In “Carnivorous, nine metres long and ‘downright shaggy’: Scientists unearth feathered tyrannosaur” (National Post, April 4, 2012), Margaret Munro reports,
A giant feathered tyrannosaur has been unearthed in China, the largest creature — living or extinct — known to sport a downy coat.
The carnivore, which grew up to nine metres long, likely looked “downright shaggy,” Corwin Sullivan, a Canadian paleontologist on the team that unveiled the creature, said on Wednesday.
The scientists say the creature did not actually fly which would have been impossible given its large size — far bigger than the average cow — and the downy structure of its feathers. But they say the feathers may have had an important function as insulation because the creatures lived about 125 million years ago when global temperatures took a dip.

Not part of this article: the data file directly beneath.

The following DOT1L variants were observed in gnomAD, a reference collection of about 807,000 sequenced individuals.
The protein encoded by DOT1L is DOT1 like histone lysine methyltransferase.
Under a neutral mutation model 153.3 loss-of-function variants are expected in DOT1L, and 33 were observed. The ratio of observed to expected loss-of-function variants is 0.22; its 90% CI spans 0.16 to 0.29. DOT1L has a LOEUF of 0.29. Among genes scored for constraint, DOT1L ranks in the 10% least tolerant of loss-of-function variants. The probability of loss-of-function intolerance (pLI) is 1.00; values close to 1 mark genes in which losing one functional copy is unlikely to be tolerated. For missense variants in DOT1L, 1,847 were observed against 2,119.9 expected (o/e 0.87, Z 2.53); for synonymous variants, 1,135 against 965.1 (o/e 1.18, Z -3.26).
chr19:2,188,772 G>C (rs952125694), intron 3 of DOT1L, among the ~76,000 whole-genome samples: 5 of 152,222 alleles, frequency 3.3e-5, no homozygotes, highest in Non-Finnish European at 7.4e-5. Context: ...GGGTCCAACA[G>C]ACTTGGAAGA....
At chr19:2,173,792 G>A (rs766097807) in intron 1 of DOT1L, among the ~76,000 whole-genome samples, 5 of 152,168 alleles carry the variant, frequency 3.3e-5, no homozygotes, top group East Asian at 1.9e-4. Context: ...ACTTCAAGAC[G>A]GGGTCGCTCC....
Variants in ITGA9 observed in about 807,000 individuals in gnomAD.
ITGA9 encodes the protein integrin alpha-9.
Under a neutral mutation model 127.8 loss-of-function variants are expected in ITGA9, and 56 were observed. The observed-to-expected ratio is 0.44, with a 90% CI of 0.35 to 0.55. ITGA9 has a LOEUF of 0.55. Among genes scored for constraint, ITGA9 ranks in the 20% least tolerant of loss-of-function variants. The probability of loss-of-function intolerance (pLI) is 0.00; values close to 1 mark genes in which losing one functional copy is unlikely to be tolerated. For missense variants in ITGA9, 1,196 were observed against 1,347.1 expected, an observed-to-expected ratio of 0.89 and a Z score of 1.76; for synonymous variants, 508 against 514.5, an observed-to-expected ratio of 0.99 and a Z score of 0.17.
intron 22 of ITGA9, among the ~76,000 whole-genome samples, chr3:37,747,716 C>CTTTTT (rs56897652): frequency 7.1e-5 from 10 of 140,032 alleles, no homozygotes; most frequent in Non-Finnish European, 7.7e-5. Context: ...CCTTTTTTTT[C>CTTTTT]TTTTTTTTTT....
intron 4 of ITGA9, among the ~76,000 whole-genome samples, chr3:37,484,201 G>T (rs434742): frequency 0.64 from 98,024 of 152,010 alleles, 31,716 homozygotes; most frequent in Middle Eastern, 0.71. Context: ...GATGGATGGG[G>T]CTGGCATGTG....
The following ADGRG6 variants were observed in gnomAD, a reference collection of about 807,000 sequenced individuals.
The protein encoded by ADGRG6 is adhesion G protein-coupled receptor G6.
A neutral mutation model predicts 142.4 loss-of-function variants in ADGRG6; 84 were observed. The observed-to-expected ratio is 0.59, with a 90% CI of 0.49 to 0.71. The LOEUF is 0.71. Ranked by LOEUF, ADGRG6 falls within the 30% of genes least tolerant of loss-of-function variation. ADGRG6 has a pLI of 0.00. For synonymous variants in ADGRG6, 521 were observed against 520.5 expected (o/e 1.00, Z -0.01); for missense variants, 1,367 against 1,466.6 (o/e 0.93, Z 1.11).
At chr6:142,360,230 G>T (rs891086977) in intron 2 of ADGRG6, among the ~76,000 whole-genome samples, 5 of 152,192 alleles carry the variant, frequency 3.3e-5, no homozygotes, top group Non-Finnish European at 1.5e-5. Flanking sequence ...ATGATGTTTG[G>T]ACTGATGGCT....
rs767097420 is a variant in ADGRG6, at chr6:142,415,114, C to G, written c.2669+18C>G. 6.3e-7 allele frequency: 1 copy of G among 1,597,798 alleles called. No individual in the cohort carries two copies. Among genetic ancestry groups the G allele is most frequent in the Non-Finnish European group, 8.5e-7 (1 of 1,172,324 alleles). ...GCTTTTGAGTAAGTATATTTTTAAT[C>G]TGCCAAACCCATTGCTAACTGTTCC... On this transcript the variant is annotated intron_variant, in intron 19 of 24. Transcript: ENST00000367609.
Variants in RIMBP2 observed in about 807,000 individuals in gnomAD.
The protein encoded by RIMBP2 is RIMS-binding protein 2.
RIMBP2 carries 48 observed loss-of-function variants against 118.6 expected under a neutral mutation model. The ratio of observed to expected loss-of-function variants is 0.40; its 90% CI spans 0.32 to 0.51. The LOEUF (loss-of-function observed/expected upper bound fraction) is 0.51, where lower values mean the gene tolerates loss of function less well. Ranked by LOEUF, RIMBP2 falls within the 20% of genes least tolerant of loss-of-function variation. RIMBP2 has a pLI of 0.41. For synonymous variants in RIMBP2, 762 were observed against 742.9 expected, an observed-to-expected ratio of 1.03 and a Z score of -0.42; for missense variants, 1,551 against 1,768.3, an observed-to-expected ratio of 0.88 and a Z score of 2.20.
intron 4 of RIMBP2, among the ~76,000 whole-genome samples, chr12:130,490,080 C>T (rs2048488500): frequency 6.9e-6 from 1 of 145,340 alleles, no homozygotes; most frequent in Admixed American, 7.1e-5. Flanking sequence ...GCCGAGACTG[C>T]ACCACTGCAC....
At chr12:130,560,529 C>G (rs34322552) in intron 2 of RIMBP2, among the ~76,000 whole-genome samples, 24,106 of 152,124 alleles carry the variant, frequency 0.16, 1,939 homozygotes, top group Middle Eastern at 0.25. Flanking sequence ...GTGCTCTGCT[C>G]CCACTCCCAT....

Which raises a question: If some of the “long, filamentous feathered plumage” turn out to be structured in the same way as flight feathers on a creature that could not actually fly, what does that imply about their origin, as opposed to their incidental use for insulation? Would that not imply design?
At this point, we can’t rule out fossil fraud either.
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